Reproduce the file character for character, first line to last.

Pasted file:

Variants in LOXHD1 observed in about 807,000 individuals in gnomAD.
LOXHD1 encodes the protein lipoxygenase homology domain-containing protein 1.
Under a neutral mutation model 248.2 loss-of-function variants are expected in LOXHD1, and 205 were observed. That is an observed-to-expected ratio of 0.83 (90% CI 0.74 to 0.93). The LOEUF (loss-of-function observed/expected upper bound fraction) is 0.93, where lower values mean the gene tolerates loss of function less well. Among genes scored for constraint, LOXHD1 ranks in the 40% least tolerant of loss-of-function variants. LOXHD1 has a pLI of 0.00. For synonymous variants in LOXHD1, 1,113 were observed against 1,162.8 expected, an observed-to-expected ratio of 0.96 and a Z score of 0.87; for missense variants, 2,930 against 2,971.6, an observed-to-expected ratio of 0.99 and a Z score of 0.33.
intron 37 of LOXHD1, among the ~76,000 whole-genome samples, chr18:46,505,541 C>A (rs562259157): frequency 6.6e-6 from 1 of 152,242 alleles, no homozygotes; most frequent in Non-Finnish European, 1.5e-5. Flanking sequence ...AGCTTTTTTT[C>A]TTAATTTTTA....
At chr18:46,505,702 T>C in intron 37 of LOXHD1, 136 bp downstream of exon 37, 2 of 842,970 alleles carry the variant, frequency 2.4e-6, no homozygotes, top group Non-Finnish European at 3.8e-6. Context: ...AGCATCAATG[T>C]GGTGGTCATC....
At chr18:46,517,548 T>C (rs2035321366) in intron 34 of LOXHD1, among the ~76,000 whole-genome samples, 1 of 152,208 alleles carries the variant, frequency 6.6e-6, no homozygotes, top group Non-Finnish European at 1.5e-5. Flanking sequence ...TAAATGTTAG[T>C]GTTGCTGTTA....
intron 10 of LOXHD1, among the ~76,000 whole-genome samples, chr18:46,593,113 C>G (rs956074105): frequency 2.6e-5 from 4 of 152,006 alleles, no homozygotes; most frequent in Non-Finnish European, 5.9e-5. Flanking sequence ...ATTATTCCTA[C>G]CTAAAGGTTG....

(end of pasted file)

Variants in LOXHD1 observed in about 807,000 individuals in gnomAD.
LOXHD1 encodes the protein lipoxygenase homology domain-containing protein 1.
Under a neutral mutation model 248.2 loss-of-function variants are expected in LOXHD1, and 205 were observed. That is an observed-to-expected ratio of 0.83 (90% CI 0.74 to 0.93). The LOEUF (loss-of-function observed/expected upper bound fraction) is 0.93, where lower values mean the gene tolerates loss of function less well. Among genes scored for constraint, LOXHD1 ranks in the 40% least tolerant of loss-of-function variants. LOXHD1 has a pLI of 0.00. For synonymous variants in LOXHD1, 1,113 were observed against 1,162.8 expected, an observed-to-expected ratio of 0.96 and a Z score of 0.87; for missense variants, 2,930 against 2,971.6, an observed-to-expected ratio of 0.99 and a Z score of 0.33.
intron 37 of LOXHD1, among the ~76,000 whole-genome samples, chr18:46,505,541 C>A (rs562259157): frequency 6.6e-6 from 1 of 152,242 alleles, no homozygotes; most frequent in Non-Finnish European, 1.5e-5. Flanking sequence ...AGCTTTTTTT[C>A]TTAATTTTTA....
At chr18:46,505,702 T>C in intron 37 of LOXHD1, 136 bp downstream of exon 37, 2 of 842,970 alleles carry the variant, frequency 2.4e-6, no homozygotes, top group Non-Finnish European at 3.8e-6. Context: ...AGCATCAATG[T>C]GGTGGTCATC....
At chr18:46,517,548 T>C (rs2035321366) in intron 34 of LOXHD1, among the ~76,000 whole-genome samples, 1 of 152,208 alleles carries the variant, frequency 6.6e-6, no homozygotes, top group Non-Finnish European at 1.5e-5. Flanking sequence ...TAAATGTTAG[T>C]GTTGCTGTTA....
intron 10 of LOXHD1, among the ~76,000 whole-genome samples, chr18:46,593,113 C>G (rs956074105): frequency 2.6e-5 from 4 of 152,006 alleles, no homozygotes; most frequent in Non-Finnish European, 5.9e-5. Flanking sequence ...ATTATTCCTA[C>G]CTAAAGGTTG....